Water Memory

Elizabeth Gu


Thesis Mentor: Bee Grandinetti
Format: Web Narrative

Water Memory is a web story and digital exploration of a young scientist who aims to create bioluminescent light in a sunless, dystopian world. On the day her rigorous experiments succeed, her entire life's work is suddenly terminated by nameless bureaucratic administrators. The lab is swept clean, leaving no trace of her precious light specimens. With her lab and position eliminated, she grows increasingly uneasy and hopeless, waiting weeks on end to be reassigned to a new occupation.

As she wades through the uncertainty of meaningless days, she becomes drawn to the ocean and is swept up in a massive wave that leaves her marooned on a small, peculiar island. There she encounters mythical beings that challenge her ideals of personal choice, self-preservation, and what she ultimately must fight for in order to reclaim her agency.

Elizabeth Gu

Elizabeth Gu is a digital illustrator and web narrative artist with an interest in creating worlds suspended between fantasy and reality. She likes to connect these unseen, surreal worlds to the psyche and the internal states of mind that are often difficult to express through words. In general, she is inspired by psychology and alien worlds, and often returns to the concept of finding one’s inner child.

INSTAGRAM: instagram.com/ElizabethGu/
WEBSITE: elizabethgu.com



Community Project

Draw Your Feelings

The Language of Images

Emotions and how we experience feelings are always in flux. It’s why drawing and visual art as a whole have always been a meditative practice for myself. Immobilizing those feelings in whatever abstract form that takes shape helps me put pause and apply meaning. This project is all about framing feelings into words, and then applying your own visual language to it. How would you say your feelings manifest for yourself?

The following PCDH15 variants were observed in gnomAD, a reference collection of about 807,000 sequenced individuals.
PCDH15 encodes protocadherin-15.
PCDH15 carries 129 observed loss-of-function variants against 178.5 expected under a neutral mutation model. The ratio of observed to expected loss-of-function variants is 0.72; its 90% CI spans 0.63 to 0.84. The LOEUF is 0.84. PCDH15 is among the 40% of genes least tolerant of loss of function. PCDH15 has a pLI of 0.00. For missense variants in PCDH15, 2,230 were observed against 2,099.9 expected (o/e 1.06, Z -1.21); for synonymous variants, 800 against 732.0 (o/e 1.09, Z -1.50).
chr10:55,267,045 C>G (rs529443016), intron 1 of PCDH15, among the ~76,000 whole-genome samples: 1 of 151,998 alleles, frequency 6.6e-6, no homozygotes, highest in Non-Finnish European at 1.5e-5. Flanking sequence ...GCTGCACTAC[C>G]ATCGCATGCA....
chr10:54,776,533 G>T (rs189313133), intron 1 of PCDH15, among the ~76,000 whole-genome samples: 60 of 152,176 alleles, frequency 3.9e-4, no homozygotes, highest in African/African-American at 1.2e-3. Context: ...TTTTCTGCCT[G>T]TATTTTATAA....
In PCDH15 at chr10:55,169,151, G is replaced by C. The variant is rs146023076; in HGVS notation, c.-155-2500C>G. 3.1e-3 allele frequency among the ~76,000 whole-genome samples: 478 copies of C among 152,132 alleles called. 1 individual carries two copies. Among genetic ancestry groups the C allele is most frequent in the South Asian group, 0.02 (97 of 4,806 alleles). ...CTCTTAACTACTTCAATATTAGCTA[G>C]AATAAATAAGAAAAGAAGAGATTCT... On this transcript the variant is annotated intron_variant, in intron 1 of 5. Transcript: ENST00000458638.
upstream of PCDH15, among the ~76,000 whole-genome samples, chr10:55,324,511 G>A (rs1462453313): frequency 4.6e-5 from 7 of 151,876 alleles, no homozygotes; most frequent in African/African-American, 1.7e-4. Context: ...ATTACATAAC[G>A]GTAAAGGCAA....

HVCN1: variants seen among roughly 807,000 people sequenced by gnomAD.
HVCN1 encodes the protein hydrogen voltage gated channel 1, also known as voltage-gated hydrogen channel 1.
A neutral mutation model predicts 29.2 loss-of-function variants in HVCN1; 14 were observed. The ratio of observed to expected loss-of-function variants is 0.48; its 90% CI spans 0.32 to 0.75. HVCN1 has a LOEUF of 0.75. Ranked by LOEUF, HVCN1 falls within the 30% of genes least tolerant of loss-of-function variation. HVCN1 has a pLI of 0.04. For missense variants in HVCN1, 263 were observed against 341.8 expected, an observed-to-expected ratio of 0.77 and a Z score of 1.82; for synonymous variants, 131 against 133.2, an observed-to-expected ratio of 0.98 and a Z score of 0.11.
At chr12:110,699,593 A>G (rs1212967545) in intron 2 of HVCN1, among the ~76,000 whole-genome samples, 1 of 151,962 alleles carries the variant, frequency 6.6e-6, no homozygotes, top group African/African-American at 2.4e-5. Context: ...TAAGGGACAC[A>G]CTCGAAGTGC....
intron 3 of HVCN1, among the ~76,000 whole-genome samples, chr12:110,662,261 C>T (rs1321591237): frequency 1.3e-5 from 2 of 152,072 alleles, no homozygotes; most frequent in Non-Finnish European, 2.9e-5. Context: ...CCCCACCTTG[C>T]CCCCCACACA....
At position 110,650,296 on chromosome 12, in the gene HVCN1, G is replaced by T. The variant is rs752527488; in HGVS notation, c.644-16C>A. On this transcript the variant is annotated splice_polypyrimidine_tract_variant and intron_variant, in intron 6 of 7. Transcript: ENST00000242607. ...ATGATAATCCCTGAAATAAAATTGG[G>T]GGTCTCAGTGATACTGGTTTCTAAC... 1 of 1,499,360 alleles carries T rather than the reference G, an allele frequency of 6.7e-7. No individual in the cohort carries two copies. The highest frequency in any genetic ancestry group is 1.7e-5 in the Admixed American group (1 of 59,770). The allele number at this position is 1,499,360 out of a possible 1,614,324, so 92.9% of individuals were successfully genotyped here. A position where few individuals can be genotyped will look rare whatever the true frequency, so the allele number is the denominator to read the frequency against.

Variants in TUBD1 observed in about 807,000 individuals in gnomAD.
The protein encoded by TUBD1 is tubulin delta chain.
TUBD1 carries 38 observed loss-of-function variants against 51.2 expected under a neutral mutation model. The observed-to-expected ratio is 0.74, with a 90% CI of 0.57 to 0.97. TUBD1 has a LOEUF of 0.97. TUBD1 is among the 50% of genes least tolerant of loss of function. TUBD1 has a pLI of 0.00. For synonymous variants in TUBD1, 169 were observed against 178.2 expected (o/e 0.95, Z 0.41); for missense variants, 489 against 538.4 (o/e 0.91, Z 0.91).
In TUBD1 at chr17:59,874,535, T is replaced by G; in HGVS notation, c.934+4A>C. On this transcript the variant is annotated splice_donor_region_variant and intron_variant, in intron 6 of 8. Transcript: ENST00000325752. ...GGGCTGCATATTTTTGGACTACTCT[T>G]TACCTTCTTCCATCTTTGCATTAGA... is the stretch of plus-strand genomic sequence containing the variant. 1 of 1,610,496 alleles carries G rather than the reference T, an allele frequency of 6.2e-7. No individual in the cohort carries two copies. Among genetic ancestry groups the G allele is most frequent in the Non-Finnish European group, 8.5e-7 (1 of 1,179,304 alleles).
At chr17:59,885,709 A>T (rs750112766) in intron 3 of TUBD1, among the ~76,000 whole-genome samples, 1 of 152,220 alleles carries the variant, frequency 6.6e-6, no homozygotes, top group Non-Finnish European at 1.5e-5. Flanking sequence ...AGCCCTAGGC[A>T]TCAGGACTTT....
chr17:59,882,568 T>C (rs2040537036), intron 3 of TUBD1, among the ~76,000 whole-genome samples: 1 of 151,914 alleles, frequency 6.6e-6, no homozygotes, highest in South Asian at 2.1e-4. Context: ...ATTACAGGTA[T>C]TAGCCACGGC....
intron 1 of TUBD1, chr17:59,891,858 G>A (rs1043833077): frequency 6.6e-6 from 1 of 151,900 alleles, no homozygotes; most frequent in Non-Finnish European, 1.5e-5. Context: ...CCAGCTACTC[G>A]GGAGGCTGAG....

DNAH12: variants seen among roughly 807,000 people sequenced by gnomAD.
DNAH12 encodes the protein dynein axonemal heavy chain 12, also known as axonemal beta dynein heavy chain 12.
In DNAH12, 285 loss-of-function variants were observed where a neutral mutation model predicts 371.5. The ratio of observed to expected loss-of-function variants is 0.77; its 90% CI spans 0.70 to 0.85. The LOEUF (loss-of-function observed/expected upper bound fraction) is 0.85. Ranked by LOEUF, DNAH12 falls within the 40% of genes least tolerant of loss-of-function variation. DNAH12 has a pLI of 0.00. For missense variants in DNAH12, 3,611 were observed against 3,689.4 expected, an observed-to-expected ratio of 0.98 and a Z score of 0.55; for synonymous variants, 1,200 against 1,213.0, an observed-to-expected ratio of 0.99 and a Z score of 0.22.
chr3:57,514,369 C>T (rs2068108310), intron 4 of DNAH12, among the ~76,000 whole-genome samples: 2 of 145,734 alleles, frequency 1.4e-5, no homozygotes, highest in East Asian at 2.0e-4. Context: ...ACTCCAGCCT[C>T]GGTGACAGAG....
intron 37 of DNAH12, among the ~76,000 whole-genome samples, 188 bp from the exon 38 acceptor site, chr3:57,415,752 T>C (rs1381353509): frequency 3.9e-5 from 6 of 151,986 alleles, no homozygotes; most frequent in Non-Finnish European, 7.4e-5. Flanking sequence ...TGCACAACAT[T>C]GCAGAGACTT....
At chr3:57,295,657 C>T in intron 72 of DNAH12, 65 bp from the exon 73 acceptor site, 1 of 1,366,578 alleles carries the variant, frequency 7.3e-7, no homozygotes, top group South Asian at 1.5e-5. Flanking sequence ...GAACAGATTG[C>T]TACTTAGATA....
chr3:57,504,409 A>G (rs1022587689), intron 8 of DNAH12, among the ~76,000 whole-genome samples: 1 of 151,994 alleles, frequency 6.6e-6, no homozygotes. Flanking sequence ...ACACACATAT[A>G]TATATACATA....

How do you experience these feelings?

What are some words to describe it? 

How can you visualize it?

If you could frame it into words,
how does

Putting your visual language together

Anxiety has always been best at overwhelming my senses. It feels violently blinding and ultraviolet to my emotional being. It feels like utter disarray to the point I’m rendered immobilized by fear and expectations (some of which I’ve unnecessarily created for myself).

Depression gets called the “common cold” of mental illnesses and overlaps with many other symptoms. I had a rather difficult time pinpointing this one into words, but I think depression is best described as a tide that crashes and flows over me. The moment you become submerged, you’re already one step too late and it’s already insidiously crept up on you. You’re breathing in the water but it’s not real air.

My experiences with dissociation often feel like I’m no longer connected with the human condition anymore. It’s like compassion fatigue but mostly geared towards  myself. I begin to feel robotic in my intentions and actions, and those I’m interacting with become robots as well. There’s a huge sense of emptiness without really being able to conceive the emotional reality of my surroundings.